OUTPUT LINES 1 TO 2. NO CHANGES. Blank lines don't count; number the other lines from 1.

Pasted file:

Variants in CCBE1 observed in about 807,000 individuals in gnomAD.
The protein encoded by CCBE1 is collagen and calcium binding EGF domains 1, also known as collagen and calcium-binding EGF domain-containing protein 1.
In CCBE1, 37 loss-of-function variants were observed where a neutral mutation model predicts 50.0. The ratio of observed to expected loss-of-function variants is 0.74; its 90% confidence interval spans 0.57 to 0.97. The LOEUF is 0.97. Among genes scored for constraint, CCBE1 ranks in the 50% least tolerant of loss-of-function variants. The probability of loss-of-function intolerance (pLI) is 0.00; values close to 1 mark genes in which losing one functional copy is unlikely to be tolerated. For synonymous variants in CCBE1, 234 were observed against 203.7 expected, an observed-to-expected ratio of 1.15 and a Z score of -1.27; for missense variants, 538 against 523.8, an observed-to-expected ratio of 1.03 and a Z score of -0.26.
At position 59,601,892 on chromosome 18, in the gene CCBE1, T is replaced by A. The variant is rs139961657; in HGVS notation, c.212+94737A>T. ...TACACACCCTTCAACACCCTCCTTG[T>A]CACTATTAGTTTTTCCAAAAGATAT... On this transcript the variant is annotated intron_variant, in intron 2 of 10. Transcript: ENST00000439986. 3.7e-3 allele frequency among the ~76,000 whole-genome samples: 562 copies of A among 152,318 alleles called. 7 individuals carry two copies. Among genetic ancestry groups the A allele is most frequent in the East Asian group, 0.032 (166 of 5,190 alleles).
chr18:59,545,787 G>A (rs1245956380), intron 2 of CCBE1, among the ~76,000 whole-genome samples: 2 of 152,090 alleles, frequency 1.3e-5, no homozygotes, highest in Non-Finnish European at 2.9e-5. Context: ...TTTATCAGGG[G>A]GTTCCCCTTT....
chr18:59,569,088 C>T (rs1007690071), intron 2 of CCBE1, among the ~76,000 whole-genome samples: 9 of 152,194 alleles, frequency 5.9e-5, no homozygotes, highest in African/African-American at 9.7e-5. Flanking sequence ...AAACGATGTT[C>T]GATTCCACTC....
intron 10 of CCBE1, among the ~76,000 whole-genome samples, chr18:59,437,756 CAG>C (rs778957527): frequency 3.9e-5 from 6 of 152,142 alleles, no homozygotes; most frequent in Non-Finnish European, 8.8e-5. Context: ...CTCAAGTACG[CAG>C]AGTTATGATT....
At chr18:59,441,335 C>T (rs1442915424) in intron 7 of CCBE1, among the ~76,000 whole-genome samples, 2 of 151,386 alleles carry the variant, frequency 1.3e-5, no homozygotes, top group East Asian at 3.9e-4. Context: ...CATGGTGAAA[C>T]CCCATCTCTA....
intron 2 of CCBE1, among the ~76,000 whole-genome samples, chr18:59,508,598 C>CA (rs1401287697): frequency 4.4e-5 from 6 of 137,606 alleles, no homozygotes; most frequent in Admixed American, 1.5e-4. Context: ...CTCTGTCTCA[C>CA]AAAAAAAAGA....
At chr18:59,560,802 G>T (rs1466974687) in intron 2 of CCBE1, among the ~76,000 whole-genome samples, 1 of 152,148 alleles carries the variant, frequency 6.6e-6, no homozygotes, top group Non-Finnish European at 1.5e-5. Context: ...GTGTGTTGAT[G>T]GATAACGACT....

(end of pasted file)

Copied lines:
Variants in CCBE1 observed in about 807,000 individuals in gnomAD.
The protein encoded by CCBE1 is collagen and calcium binding EGF domains 1, also known as collagen and calcium-binding EGF domain-containing protein 1.